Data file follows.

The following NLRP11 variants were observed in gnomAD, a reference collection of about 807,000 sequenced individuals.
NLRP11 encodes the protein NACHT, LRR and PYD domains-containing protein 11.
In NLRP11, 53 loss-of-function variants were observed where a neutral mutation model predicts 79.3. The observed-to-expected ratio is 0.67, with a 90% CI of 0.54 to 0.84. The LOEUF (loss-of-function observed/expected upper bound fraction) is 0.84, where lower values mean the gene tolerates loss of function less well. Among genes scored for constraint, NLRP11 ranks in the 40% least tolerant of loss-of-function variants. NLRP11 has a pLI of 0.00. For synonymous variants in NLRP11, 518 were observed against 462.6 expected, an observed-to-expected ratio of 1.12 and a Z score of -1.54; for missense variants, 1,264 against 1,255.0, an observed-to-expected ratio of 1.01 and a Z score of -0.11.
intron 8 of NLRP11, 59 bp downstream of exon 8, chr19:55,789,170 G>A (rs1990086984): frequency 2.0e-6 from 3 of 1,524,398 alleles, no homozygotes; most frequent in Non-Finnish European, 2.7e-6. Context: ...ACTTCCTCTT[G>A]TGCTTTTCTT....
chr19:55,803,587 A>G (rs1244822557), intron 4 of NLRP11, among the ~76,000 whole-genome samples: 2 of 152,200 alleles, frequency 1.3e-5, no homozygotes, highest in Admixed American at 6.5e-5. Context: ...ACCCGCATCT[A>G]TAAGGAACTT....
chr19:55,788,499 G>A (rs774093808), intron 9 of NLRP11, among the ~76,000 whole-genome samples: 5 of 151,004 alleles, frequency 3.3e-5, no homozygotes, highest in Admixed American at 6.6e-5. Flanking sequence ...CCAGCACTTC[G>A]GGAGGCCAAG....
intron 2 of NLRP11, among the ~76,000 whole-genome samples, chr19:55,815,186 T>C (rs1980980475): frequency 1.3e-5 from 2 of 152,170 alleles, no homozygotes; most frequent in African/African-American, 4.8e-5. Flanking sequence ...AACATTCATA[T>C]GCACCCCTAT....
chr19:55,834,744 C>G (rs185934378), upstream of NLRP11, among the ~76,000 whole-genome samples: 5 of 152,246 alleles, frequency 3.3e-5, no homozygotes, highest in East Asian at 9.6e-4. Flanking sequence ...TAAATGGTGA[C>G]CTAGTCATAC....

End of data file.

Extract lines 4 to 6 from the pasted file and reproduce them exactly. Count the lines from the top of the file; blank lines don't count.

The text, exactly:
intron 8 of NLRP11, 59 bp downstream of exon 8, chr19:55,789,170 G>A (rs1990086984): frequency 2.0e-6 from 3 of 1,524,398 alleles, no homozygotes; most frequent in Non-Finnish European, 2.7e-6. Context: ...ACTTCCTCTT[G>A]TGCTTTTCTT....
chr19:55,803,587 A>G (rs1244822557), intron 4 of NLRP11, among the ~76,000 whole-genome samples: 2 of 152,200 alleles, frequency 1.3e-5, no homozygotes, highest in Admixed American at 6.5e-5. Context: ...ACCCGCATCT[A>G]TAAGGAACTT....
chr19:55,788,499 G>A (rs774093808), intron 9 of NLRP11, among the ~76,000 whole-genome samples: 5 of 151,004 alleles, frequency 3.3e-5, no homozygotes, highest in Admixed American at 6.6e-5. Flanking sequence ...CCAGCACTTC[G>A]GGAGGCCAAG....